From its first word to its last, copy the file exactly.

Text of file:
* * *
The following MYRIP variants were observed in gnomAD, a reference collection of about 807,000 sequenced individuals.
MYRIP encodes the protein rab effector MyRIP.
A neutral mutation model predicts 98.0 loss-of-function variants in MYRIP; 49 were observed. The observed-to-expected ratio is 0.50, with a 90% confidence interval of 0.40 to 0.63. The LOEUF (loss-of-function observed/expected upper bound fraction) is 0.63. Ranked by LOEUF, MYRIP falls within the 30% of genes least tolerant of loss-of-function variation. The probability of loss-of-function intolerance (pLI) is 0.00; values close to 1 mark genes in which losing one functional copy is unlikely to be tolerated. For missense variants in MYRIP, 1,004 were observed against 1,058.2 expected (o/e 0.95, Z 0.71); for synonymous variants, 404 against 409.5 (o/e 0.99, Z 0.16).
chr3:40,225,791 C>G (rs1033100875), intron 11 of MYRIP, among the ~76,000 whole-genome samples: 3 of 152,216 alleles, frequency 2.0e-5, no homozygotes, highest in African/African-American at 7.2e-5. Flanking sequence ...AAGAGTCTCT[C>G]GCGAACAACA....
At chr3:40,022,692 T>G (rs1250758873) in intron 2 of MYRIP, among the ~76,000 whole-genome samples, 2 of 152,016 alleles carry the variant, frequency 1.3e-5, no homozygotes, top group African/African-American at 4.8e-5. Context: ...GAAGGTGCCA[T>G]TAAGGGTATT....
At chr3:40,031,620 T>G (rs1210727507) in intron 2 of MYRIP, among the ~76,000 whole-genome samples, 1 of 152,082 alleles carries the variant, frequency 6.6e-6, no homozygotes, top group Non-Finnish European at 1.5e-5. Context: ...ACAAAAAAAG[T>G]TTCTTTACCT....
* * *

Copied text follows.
The following MYRIP variants were observed in gnomAD, a reference collection of about 807,000 sequenced individuals.
MYRIP encodes the protein rab effector MyRIP.
A neutral mutation model predicts 98.0 loss-of-function variants in MYRIP; 49 were observed. The observed-to-expected ratio is 0.50, with a 90% confidence interval of 0.40 to 0.63. The LOEUF (loss-of-function observed/expected upper bound fraction) is 0.63. Ranked by LOEUF, MYRIP falls within the 30% of genes least tolerant of loss-of-function variation. The probability of loss-of-function intolerance (pLI) is 0.00; values close to 1 mark genes in which losing one functional copy is unlikely to be tolerated. For missense variants in MYRIP, 1,004 were observed against 1,058.2 expected (o/e 0.95, Z 0.71); for synonymous variants, 404 against 409.5 (o/e 0.99, Z 0.16).
chr3:40,225,791 C>G (rs1033100875), intron 11 of MYRIP, among the ~76,000 whole-genome samples: 3 of 152,216 alleles, frequency 2.0e-5, no homozygotes, highest in African/African-American at 7.2e-5. Flanking sequence ...AAGAGTCTCT[C>G]GCGAACAACA....
At chr3:40,022,692 T>G (rs1250758873) in intron 2 of MYRIP, among the ~76,000 whole-genome samples, 2 of 152,016 alleles carry the variant, frequency 1.3e-5, no homozygotes, top group African/African-American at 4.8e-5. Context: ...GAAGGTGCCA[T>G]TAAGGGTATT....
At chr3:40,031,620 T>G (rs1210727507) in intron 2 of MYRIP, among the ~76,000 whole-genome samples, 1 of 152,082 alleles carries the variant, frequency 6.6e-6, no homozygotes, top group Non-Finnish European at 1.5e-5. Context: ...ACAAAAAAAG[T>G]TTCTTTACCT....